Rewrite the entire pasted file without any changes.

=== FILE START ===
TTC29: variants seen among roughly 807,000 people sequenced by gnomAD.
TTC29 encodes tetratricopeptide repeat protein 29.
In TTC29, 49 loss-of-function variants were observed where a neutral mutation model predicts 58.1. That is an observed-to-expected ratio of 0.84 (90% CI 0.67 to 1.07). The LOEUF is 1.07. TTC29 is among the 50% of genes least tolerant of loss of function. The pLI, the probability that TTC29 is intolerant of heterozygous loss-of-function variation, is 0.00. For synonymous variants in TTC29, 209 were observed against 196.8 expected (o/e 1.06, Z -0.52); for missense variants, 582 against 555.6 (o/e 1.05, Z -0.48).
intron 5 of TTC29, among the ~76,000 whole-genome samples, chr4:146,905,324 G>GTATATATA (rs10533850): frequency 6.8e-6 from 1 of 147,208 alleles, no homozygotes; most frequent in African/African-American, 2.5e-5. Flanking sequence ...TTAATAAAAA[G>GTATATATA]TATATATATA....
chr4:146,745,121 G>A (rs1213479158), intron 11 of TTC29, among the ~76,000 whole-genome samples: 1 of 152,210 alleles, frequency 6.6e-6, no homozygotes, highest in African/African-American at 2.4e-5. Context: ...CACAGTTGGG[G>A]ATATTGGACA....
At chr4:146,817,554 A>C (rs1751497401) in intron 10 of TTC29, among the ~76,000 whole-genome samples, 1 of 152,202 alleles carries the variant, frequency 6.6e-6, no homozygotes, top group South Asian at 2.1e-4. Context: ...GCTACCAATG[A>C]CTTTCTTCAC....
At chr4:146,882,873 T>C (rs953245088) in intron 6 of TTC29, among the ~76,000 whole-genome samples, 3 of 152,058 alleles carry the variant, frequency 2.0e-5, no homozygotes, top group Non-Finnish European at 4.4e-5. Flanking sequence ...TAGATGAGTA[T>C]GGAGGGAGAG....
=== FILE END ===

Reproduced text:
TTC29: variants seen among roughly 807,000 people sequenced by gnomAD.
TTC29 encodes tetratricopeptide repeat protein 29.
In TTC29, 49 loss-of-function variants were observed where a neutral mutation model predicts 58.1. That is an observed-to-expected ratio of 0.84 (90% CI 0.67 to 1.07). The LOEUF is 1.07. TTC29 is among the 50% of genes least tolerant of loss of function. The pLI, the probability that TTC29 is intolerant of heterozygous loss-of-function variation, is 0.00. For synonymous variants in TTC29, 209 were observed against 196.8 expected (o/e 1.06, Z -0.52); for missense variants, 582 against 555.6 (o/e 1.05, Z -0.48).
intron 5 of TTC29, among the ~76,000 whole-genome samples, chr4:146,905,324 G>GTATATATA (rs10533850): frequency 6.8e-6 from 1 of 147,208 alleles, no homozygotes; most frequent in African/African-American, 2.5e-5. Flanking sequence ...TTAATAAAAA[G>GTATATATA]TATATATATA....
chr4:146,745,121 G>A (rs1213479158), intron 11 of TTC29, among the ~76,000 whole-genome samples: 1 of 152,210 alleles, frequency 6.6e-6, no homozygotes, highest in African/African-American at 2.4e-5. Context: ...CACAGTTGGG[G>A]ATATTGGACA....
At chr4:146,817,554 A>C (rs1751497401) in intron 10 of TTC29, among the ~76,000 whole-genome samples, 1 of 152,202 alleles carries the variant, frequency 6.6e-6, no homozygotes, top group South Asian at 2.1e-4. Context: ...GCTACCAATG[A>C]CTTTCTTCAC....
At chr4:146,882,873 T>C (rs953245088) in intron 6 of TTC29, among the ~76,000 whole-genome samples, 3 of 152,058 alleles carry the variant, frequency 2.0e-5, no homozygotes, top group Non-Finnish European at 4.4e-5. Flanking sequence ...TAGATGAGTA[T>C]GGAGGGAGAG....